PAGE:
3. Help employees find healthy ways to cope with stress

The COVID-19 vaccine is here, but it could be some time before your entire team is inoculated. Approximately 55 million doses of the COVID-19 vaccine have been distributed in the U.S., as of Feb. 17, 2021, according to the CDC. President Joe Biden has said there will be enough vaccines for 300 million Americans by the end of July, according to CNN.

This means it will still be some time before the pandemic ends. So, suggesting healthy ways to deal with stress in your mental health safety stand downs can improve utility worker safety.

The CDC has shared many recommendations, including limiting news to a couple of times per day and disconnecting from all devices, virtually connecting with others, making time for healthy hobbies, and taking care of your body. This means encouraging employees to engage in activities like exercising regularly, getting plenty of sleep, and eating healthy.

Read: Worker Safety New Year’s Resolutions For Construction and Utility Companies

4. Provide resources for those struggling to manage stress

Most workers with benefits (70 percent) know how to access mental health services, and 62 percent are at least somewhat comfortable doing so, according to a 2019 survey conducted by the APA. However, more than one-fourth do not know how to seek mental health benefits through their employer.

If your company offers mental health benefits, focus one safety stand down on guiding workers through the process of accessing those benefits. You might think the process is obvious, but it’s possible some people are confused by it.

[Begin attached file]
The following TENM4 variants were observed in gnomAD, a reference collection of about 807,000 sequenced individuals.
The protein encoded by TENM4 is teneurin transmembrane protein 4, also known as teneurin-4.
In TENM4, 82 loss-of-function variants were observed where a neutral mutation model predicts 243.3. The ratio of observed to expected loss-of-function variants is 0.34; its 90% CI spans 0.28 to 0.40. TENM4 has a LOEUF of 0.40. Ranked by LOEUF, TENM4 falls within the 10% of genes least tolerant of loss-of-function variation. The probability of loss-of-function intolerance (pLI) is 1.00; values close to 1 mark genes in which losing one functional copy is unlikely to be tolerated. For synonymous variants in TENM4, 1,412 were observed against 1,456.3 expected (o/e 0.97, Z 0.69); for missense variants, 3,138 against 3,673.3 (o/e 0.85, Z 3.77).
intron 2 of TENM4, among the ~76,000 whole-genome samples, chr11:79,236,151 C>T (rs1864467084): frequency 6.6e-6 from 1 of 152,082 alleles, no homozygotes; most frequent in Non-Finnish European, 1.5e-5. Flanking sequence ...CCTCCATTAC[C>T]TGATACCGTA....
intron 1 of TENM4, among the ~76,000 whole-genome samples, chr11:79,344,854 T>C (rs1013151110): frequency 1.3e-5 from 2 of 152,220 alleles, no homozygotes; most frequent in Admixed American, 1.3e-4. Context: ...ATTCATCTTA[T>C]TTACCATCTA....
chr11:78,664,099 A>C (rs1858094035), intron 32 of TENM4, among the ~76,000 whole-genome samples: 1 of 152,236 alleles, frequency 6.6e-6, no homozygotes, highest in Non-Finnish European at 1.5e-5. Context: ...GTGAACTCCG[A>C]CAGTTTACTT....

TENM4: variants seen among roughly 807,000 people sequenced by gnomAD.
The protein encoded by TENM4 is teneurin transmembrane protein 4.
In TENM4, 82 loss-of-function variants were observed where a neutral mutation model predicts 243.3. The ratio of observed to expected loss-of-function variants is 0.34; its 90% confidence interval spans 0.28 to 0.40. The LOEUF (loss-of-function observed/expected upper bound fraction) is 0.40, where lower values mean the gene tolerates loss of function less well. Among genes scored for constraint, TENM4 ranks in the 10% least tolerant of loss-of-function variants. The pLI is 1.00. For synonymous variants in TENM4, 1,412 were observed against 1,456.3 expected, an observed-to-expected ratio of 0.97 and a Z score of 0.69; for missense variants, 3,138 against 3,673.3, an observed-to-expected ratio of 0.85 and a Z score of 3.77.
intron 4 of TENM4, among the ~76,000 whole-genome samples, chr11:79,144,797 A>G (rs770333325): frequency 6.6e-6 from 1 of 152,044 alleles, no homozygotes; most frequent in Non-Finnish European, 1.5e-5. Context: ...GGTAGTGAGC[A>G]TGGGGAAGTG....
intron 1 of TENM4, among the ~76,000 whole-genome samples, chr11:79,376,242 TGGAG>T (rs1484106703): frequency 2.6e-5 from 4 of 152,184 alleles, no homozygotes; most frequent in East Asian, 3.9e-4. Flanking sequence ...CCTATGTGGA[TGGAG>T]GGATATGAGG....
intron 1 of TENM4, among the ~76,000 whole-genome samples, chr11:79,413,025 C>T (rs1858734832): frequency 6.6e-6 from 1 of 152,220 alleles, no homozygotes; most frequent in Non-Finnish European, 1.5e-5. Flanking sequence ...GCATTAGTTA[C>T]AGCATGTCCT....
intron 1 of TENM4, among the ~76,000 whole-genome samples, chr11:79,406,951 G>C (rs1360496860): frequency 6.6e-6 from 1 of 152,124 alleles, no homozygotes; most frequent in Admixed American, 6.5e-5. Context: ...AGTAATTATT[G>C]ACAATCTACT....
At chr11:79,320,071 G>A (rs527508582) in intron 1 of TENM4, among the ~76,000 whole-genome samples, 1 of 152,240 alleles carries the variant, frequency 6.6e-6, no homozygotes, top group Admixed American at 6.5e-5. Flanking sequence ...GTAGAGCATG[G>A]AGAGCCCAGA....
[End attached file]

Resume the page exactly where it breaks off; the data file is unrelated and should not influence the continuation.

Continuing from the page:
There’s also plenty of online resources available to share with your team. For example, the CDC Foundation’s “How Right Now” site was created to help people deal with grief, loss, and worry during the pandemic. Mental Health America also has a variety of available information to help people cope with the mental aspects of the COVID-19 crisis.

5. Find out what employees need from you

The vast majority of essential workers (82 percent) feel their life has been at least somewhat disrupted by the pandemic, according to the KFF. As an employer, you’re in a position to help make workers’ lives easier during this stressful time.

Mental health safety stand downs can be a great way to check in with your team and find out what you can do for them. Workers might have suggestions on mental health resources they’d like to receive, which you can pass along to HR or other appropriate departments. Or, they could have ideas for improved social distancing that you can enact. This is a great way to open the lines of communication, so they know you want them to be part of the conversation.

There’s no doubt mental health safety stand downs are needed at your utility company. By starting this initiative, you’re letting workers know they come first.

For more on the topic of utility worker safety, check out the blog “Winter Safety Tips to Prevent Workplace Accidents and Injuries.”